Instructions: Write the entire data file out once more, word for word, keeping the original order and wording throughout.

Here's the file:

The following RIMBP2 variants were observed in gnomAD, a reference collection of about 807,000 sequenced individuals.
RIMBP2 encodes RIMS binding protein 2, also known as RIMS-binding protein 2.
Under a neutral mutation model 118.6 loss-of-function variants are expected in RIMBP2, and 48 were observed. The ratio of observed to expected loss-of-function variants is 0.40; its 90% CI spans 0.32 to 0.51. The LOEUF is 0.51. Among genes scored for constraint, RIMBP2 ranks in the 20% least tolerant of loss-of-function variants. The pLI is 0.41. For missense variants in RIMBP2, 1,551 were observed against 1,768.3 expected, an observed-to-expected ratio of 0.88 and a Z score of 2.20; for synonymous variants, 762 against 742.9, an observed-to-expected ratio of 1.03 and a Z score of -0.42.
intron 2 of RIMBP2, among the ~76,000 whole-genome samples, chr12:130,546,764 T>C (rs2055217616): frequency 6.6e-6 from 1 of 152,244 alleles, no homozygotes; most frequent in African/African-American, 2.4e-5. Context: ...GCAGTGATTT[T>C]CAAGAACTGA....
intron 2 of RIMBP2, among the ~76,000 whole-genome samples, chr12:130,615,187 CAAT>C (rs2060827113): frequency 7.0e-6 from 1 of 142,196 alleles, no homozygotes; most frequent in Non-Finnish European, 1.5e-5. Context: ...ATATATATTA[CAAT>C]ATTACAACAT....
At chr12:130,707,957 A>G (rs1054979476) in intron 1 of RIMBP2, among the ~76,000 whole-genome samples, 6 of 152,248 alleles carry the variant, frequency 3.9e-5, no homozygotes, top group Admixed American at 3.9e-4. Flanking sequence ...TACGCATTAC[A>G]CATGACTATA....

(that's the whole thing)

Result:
The following RIMBP2 variants were observed in gnomAD, a reference collection of about 807,000 sequenced individuals.
RIMBP2 encodes RIMS binding protein 2, also known as RIMS-binding protein 2.
Under a neutral mutation model 118.6 loss-of-function variants are expected in RIMBP2, and 48 were observed. The ratio of observed to expected loss-of-function variants is 0.40; its 90% CI spans 0.32 to 0.51. The LOEUF is 0.51. Among genes scored for constraint, RIMBP2 ranks in the 20% least tolerant of loss-of-function variants. The pLI is 0.41. For missense variants in RIMBP2, 1,551 were observed against 1,768.3 expected, an observed-to-expected ratio of 0.88 and a Z score of 2.20; for synonymous variants, 762 against 742.9, an observed-to-expected ratio of 1.03 and a Z score of -0.42.
intron 2 of RIMBP2, among the ~76,000 whole-genome samples, chr12:130,546,764 T>C (rs2055217616): frequency 6.6e-6 from 1 of 152,244 alleles, no homozygotes; most frequent in African/African-American, 2.4e-5. Context: ...GCAGTGATTT[T>C]CAAGAACTGA....
intron 2 of RIMBP2, among the ~76,000 whole-genome samples, chr12:130,615,187 CAAT>C (rs2060827113): frequency 7.0e-6 from 1 of 142,196 alleles, no homozygotes; most frequent in Non-Finnish European, 1.5e-5. Context: ...ATATATATTA[CAAT>C]ATTACAACAT....
At chr12:130,707,957 A>G (rs1054979476) in intron 1 of RIMBP2, among the ~76,000 whole-genome samples, 6 of 152,248 alleles carry the variant, frequency 3.9e-5, no homozygotes, top group Admixed American at 3.9e-4. Flanking sequence ...TACGCATTAC[A>G]CATGACTATA....